Emerging from the rubble of an airstrike, a 5-year-old boy has become an icon for child suffering at the hands of the Syrian conflict. Shell-shocked, Omran Daqneesh sits still in the back of an ambulance, covered in dust and blood while emergency responders search for his family members. He is still and he is scared, but he is alive. Similar images of destruction and terror abound, compelling the international community to wonder how they, too, might show their support for the child victims of the Syrian war.

As the Syrian civil war wages on, children are constantly caught in the crossfires of an ugly conflict. The United Nations has vocalized its frustrations with failed humanitarian efforts, commenting that attempts to provide aid remain futile as long as their access to affected areas is continuously denied. "What we are hearing and seeing is only fighting, offensives, counteroffensives, rockets, barrel bombs, mortars, hellfire cannons, napalm, chlorine, snipers, airstrikes, suicide bombers," insists U.N. envoy for Syria Staffan de Mistura. In order to effectively administer aid, he called for a "48-hour pause in Aleppo," seeking support from the U.S., Russia, as well as local influencers.

Whereas a halt on attacks altogether would be the most effective salve for Syria's open wounds, there are other noteworthy actions that can be made to lessen the suffering. Below are a few organizations that are working to help Syrian children, some asking for monetary donations and others simply asking for some of your time or attention (which you can easily give with a retweet or post on social media):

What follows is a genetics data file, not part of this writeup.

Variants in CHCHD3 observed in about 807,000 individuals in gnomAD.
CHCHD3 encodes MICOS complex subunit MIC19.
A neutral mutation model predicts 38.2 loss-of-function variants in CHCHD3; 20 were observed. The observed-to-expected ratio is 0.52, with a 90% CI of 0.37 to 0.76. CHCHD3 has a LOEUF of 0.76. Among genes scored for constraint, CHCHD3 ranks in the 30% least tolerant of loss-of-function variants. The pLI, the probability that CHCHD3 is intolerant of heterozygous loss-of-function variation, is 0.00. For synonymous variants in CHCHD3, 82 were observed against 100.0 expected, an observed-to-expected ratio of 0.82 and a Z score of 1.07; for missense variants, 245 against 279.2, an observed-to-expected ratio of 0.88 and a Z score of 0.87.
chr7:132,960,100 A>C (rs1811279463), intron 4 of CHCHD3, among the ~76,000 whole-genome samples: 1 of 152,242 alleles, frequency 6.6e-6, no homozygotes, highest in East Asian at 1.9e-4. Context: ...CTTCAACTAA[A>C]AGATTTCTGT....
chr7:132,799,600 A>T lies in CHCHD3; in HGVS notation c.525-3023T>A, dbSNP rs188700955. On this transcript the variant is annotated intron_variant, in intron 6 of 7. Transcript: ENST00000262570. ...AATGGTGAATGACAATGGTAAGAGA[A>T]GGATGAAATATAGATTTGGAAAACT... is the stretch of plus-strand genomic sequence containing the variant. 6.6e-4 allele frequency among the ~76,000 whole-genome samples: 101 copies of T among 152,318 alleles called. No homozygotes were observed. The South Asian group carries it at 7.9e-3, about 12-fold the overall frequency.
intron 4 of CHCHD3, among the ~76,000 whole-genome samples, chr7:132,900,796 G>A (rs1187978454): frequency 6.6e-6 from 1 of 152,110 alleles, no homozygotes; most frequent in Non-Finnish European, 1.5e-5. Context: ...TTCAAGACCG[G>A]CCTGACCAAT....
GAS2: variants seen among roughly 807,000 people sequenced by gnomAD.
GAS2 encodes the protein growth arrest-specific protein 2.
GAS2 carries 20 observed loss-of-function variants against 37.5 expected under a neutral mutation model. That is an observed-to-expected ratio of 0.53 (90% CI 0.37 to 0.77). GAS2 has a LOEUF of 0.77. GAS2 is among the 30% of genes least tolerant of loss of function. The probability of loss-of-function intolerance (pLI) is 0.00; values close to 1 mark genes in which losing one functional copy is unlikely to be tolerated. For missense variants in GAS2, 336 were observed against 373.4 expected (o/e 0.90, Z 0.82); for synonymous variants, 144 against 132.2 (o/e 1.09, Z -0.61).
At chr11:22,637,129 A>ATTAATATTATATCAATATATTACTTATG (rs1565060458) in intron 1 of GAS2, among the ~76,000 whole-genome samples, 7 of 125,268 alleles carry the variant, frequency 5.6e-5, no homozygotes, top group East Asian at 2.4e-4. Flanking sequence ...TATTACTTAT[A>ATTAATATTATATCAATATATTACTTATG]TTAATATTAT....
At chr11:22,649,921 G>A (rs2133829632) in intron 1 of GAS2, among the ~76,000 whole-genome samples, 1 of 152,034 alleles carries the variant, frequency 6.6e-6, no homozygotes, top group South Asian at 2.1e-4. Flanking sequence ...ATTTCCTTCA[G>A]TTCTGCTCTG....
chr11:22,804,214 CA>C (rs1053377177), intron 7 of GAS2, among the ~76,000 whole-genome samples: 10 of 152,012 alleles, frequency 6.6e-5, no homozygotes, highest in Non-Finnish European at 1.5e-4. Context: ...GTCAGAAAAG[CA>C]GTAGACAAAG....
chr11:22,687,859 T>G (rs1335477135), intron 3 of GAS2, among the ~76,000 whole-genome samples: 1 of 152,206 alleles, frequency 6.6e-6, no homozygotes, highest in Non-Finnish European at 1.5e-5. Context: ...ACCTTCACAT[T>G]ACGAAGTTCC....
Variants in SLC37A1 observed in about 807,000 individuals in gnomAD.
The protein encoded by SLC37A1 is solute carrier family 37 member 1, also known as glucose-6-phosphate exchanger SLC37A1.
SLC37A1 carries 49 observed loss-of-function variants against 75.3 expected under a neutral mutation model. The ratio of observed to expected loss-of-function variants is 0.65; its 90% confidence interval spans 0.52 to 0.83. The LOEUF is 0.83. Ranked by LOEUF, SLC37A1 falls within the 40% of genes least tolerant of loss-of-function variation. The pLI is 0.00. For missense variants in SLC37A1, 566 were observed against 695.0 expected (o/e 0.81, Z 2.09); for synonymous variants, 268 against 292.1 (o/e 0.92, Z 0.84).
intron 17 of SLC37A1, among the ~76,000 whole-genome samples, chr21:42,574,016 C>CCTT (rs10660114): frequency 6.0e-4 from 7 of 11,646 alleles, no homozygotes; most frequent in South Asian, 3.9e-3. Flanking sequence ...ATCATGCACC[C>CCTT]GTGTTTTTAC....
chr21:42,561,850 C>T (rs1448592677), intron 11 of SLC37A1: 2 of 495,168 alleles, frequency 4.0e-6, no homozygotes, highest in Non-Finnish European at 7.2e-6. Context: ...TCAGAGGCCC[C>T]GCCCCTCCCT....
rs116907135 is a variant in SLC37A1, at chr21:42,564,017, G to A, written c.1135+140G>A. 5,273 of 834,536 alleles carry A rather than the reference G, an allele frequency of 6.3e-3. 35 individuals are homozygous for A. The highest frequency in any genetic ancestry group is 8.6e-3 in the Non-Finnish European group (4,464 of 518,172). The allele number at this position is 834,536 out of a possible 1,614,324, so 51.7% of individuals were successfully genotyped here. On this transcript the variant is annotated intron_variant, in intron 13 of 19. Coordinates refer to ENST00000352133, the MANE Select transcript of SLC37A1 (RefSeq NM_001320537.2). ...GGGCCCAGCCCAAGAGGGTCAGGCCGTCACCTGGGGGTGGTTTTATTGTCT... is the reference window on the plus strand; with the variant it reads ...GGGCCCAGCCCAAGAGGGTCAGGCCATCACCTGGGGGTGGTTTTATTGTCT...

Doctors Without Borders

Surgeons prepare 10-year-old schoogirl Amal Badran, who was badly wounded in her leg in air strikes that targeted an area near a school in Douma, for surgery at a field hosptial in the eastern Ghouta region, a rebel stronghold east of the capital Damascus, on December 13, 2015. At least 31 civilians were killed in heavy bombardment of the besieged Ghouta region, the Syrian Observatory for Human Rights said. AFP PHOTO / AMER ALMOHIBANY / AFP / AMER ALMOHIBANY (Photo credit should read AMER ALMOHIBANY/AFP/Getty Images)

Medical facilities have been bombed heavily in Syria, often to the point of nonuse. Doctors without Borders works to provide medical care in nonconventional places in Syria such as "a private home, a chicken farm, even a cave." A donation would allow expanded medical care in a country that truly needs it.


Syrian men carry injured children amid the rubble of destroyed buildings following reported air strikes on the rebel-held neighbourhood of Al-Mashhad in the northern city of Aleppo, on July 25, 2016. Air strikes and barrel bomb attacks killed 16 civilians in rebel-held parts of Aleppo province, with rebel rocket fire onto government areas killing three more, the Britain-based Syrian Observatory for Human Rights said. / AFP / Baraa Al-Halabi (Photo credit should read BARAA AL-HALABI/AFP/Getty Images)